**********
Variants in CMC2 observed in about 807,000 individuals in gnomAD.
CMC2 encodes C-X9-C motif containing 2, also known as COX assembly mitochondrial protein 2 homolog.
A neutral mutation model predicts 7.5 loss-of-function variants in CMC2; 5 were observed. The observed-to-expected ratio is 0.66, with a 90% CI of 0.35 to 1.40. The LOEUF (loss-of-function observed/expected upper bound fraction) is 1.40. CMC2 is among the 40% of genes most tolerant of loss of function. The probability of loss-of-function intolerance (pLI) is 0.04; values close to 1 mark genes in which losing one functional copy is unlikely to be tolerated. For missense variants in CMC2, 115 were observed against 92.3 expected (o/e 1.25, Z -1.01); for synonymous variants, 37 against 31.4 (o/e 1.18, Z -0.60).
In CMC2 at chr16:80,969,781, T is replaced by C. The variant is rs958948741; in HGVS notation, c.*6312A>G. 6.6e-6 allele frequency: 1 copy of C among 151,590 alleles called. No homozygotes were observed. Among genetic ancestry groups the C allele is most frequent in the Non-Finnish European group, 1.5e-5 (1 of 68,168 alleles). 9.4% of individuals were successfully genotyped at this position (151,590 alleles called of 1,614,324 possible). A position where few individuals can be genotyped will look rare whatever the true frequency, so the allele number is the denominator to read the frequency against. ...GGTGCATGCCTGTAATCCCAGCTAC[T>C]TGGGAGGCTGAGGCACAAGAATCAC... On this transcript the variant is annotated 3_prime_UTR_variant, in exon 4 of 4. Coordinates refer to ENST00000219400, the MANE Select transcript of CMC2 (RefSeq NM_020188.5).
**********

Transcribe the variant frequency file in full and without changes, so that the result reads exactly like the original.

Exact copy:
Variants in CMC2 observed in about 807,000 individuals in gnomAD.
CMC2 encodes C-X9-C motif containing 2, also known as COX assembly mitochondrial protein 2 homolog.
A neutral mutation model predicts 7.5 loss-of-function variants in CMC2; 5 were observed. The observed-to-expected ratio is 0.66, with a 90% CI of 0.35 to 1.40. The LOEUF (loss-of-function observed/expected upper bound fraction) is 1.40. CMC2 is among the 40% of genes most tolerant of loss of function. The probability of loss-of-function intolerance (pLI) is 0.04; values close to 1 mark genes in which losing one functional copy is unlikely to be tolerated. For missense variants in CMC2, 115 were observed against 92.3 expected (o/e 1.25, Z -1.01); for synonymous variants, 37 against 31.4 (o/e 1.18, Z -0.60).
In CMC2 at chr16:80,969,781, T is replaced by C. The variant is rs958948741; in HGVS notation, c.*6312A>G. 6.6e-6 allele frequency: 1 copy of C among 151,590 alleles called. No homozygotes were observed. Among genetic ancestry groups the C allele is most frequent in the Non-Finnish European group, 1.5e-5 (1 of 68,168 alleles). 9.4% of individuals were successfully genotyped at this position (151,590 alleles called of 1,614,324 possible). A position where few individuals can be genotyped will look rare whatever the true frequency, so the allele number is the denominator to read the frequency against. ...GGTGCATGCCTGTAATCCCAGCTAC[T>C]TGGGAGGCTGAGGCACAAGAATCAC... On this transcript the variant is annotated 3_prime_UTR_variant, in exon 4 of 4. Coordinates refer to ENST00000219400, the MANE Select transcript of CMC2 (RefSeq NM_020188.5).